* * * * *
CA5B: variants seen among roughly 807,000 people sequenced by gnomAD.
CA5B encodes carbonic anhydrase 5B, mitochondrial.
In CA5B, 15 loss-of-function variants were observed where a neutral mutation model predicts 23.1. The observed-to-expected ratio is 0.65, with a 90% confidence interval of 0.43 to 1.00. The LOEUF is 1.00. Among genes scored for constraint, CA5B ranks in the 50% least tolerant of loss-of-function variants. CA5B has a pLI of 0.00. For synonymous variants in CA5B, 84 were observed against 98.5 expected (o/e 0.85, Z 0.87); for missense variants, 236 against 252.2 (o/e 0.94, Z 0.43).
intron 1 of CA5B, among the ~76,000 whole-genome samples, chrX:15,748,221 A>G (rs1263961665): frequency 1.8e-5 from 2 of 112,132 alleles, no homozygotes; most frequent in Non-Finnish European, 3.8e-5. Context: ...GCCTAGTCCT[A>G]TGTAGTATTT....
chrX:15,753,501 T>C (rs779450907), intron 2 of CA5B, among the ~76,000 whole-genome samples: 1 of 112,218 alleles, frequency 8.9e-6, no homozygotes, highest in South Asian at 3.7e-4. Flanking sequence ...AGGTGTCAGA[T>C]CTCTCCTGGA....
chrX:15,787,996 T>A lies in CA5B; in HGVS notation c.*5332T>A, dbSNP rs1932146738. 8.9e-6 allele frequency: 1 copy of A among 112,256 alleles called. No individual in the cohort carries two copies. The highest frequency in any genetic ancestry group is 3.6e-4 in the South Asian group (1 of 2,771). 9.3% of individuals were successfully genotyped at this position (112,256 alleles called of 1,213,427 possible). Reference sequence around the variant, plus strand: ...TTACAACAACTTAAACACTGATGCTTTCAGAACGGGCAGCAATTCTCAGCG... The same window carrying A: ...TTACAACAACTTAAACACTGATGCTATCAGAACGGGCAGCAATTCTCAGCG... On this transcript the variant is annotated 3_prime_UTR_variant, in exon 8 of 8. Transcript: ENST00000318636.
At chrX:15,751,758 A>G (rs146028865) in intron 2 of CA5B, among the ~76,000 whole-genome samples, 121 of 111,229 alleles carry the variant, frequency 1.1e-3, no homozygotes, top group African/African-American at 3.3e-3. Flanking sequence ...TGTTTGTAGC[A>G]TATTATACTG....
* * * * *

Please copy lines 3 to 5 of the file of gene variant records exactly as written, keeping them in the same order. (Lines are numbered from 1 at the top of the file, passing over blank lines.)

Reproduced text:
In CA5B, 15 loss-of-function variants were observed where a neutral mutation model predicts 23.1. The observed-to-expected ratio is 0.65, with a 90% confidence interval of 0.43 to 1.00. The LOEUF is 1.00. Among genes scored for constraint, CA5B ranks in the 50% least tolerant of loss-of-function variants. CA5B has a pLI of 0.00. For synonymous variants in CA5B, 84 were observed against 98.5 expected (o/e 0.85, Z 0.87); for missense variants, 236 against 252.2 (o/e 0.94, Z 0.43).
intron 1 of CA5B, among the ~76,000 whole-genome samples, chrX:15,748,221 A>G (rs1263961665): frequency 1.8e-5 from 2 of 112,132 alleles, no homozygotes; most frequent in Non-Finnish European, 3.8e-5. Context: ...GCCTAGTCCT[A>G]TGTAGTATTT....
chrX:15,753,501 T>C (rs779450907), intron 2 of CA5B, among the ~76,000 whole-genome samples: 1 of 112,218 alleles, frequency 8.9e-6, no homozygotes, highest in South Asian at 3.7e-4. Flanking sequence ...AGGTGTCAGA[T>C]CTCTCCTGGA....